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Pushback for TN House Opposition to Refugee Resettlement

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Refugees arrive in the United States with the status of "legal resident" and can apply for U.S. citizenship after five years. (Adobe Stock)
Refugees arrive in the United States with the status of "legal resident" and can apply for U.S. citizenship after five years. (Adobe Stock)
 By Nadia Ramlagan - Producer, Contact
March 4, 2020

NASHVILLE, Tenn. -- Tennessee residents who also are refugees are gathering outside the State Capitol today to protest House lawmakers' passage of a resolution that they contend says they aren't welcome here.

The resolution opposes Gov. Bill Lee's decision to continue the state's refugee resettlement program. Judith Clerjeune, policy manager for the Tennessee Immigrant and Refugee Rights Coalition, said that after President Donald Trump's executive order giving states the option to refuse refugees, some legislators saw an opportunity to close the state's doors.

"We really see this as another attempt to go after refugee communities and to attack the long history of this program," she said, "and make our state one that is not supportive of refugee communities."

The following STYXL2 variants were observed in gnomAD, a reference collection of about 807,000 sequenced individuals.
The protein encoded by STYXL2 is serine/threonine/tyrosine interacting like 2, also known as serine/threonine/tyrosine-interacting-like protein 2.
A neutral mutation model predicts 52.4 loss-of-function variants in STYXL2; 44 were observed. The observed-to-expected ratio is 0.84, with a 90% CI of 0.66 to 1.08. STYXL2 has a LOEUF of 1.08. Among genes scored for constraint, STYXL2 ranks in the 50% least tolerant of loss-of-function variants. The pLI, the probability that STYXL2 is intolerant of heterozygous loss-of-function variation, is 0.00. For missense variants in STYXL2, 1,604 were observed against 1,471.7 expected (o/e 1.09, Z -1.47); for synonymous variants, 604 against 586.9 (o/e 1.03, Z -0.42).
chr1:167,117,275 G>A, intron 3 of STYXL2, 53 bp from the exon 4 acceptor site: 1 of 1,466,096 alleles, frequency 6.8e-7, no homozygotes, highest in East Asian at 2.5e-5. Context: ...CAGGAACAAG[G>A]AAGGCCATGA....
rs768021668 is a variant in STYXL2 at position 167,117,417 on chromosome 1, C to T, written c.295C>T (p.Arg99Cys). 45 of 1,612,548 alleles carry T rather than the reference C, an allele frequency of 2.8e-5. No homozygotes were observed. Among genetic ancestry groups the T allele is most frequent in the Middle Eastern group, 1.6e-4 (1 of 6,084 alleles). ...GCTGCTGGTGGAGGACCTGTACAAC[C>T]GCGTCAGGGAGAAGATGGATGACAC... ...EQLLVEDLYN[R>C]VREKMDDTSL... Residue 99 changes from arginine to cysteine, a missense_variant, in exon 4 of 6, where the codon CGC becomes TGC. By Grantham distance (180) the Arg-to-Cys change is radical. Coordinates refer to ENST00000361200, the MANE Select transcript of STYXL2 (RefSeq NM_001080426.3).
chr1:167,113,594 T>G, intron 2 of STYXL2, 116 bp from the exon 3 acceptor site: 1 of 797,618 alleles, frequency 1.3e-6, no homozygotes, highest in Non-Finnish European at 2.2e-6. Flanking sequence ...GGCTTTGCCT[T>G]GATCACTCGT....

She said the resolution wouldn't change any current laws. Its supporters have contended that the decision on whether the state should accept refugees should be made by the General Assembly and not rest solely on the governor.

The vote was 72-25, with two House members present but not voting.

Clerjeune said Tennessee has been in the midst of a legal battle over this issue. In 2017, state legislators attempted to sue the federal government, arguing that it was unconstitutionally forcing states to pay for costs associated with its refugee resettlement program.

"Their lawsuit has been thrown out multiple times by multiple courts, saying that we don't have actual grounds or standing to do that," she said, "but the state is still intent on continuing, and they are planning on appealing."

According to state data, last year 692 refugees were resettled in Tennessee, mostly from the Democratic Republic of the Congo, Burma and Afghanistan.

The text of House Joint Resolution 0741 is online at wapp.capitol.tn.gov, and the lawsuit is at thomasmore.org.

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